As the name suggests, Making Lifelong Connections is about connecting MCH trainees and professionals so that we can strengthen our network and work collectively to benefit the communities/populations we serve. I am so fortunate to have made the close personal and professional connections at MLC each year!
Three years after I became a Registered Nurse, I applied to Doctors Without Borders (DWB) / Médecins Sans Frontières (MSF). As an Emergency Room (ER) nurse, with some leadership, volunteer and international work behind me, I felt I was ready to work with MSF. Soon I found out, no one is ever ready to work with MSF.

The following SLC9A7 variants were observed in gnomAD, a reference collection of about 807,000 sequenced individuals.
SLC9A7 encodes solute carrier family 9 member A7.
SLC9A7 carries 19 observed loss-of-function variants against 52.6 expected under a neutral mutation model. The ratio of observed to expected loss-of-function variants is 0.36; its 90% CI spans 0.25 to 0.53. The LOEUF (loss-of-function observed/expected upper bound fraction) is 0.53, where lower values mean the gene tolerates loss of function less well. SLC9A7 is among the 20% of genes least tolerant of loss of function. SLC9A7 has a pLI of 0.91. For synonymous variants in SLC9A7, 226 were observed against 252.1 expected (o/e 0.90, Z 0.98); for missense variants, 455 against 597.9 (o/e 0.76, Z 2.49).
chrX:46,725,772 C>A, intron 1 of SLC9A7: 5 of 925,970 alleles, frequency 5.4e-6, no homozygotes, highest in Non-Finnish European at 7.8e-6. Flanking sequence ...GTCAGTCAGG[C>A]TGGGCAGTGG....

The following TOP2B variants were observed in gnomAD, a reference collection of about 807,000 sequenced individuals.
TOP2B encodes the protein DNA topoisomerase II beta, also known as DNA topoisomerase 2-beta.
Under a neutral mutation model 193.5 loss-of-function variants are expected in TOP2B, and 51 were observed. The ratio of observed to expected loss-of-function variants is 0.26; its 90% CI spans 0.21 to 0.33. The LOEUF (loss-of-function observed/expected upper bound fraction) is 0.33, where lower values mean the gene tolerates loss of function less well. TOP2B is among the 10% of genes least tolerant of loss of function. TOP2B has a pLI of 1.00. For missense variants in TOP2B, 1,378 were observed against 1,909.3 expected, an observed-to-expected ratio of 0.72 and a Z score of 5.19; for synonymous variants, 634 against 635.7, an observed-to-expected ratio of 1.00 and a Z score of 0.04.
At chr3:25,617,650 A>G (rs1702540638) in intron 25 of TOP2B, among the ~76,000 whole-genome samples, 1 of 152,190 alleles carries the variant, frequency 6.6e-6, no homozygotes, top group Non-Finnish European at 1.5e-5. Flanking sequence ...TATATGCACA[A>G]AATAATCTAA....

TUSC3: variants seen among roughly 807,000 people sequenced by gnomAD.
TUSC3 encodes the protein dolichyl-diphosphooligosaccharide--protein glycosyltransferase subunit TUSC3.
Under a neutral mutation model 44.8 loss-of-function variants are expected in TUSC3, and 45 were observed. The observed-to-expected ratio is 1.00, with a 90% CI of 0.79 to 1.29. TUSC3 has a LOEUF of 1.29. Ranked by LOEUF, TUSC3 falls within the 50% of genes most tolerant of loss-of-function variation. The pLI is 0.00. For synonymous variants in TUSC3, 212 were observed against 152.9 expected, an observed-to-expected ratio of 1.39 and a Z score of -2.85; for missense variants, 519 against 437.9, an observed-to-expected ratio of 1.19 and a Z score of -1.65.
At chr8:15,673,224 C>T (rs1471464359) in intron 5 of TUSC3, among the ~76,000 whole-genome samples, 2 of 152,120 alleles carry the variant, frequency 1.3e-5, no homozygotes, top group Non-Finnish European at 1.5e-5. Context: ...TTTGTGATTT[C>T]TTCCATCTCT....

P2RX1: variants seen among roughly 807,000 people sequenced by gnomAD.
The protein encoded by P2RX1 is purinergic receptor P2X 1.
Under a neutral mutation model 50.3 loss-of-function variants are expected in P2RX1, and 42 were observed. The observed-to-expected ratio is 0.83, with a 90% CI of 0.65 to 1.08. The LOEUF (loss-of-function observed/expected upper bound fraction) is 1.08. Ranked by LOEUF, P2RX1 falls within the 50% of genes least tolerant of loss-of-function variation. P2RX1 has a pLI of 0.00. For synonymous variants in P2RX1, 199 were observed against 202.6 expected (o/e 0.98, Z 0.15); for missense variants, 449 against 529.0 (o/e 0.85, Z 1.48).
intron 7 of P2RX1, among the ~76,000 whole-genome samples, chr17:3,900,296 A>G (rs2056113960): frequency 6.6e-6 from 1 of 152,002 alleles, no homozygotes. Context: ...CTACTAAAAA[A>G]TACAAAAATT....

After a rigorous interviewing process, I was finally on the waiting list for my first assignment and I was ready to go wherever they would send me. In May 2015, I went on my first assignment to a rebel territory during the Civil War in South Sudan. My role extended from nurse educator, to the ER, rounding on patients, rotating on-call shifts with the only physician, working as the mission pharmacist, managing the inpatient department and nurses, nursing aides and hygienists.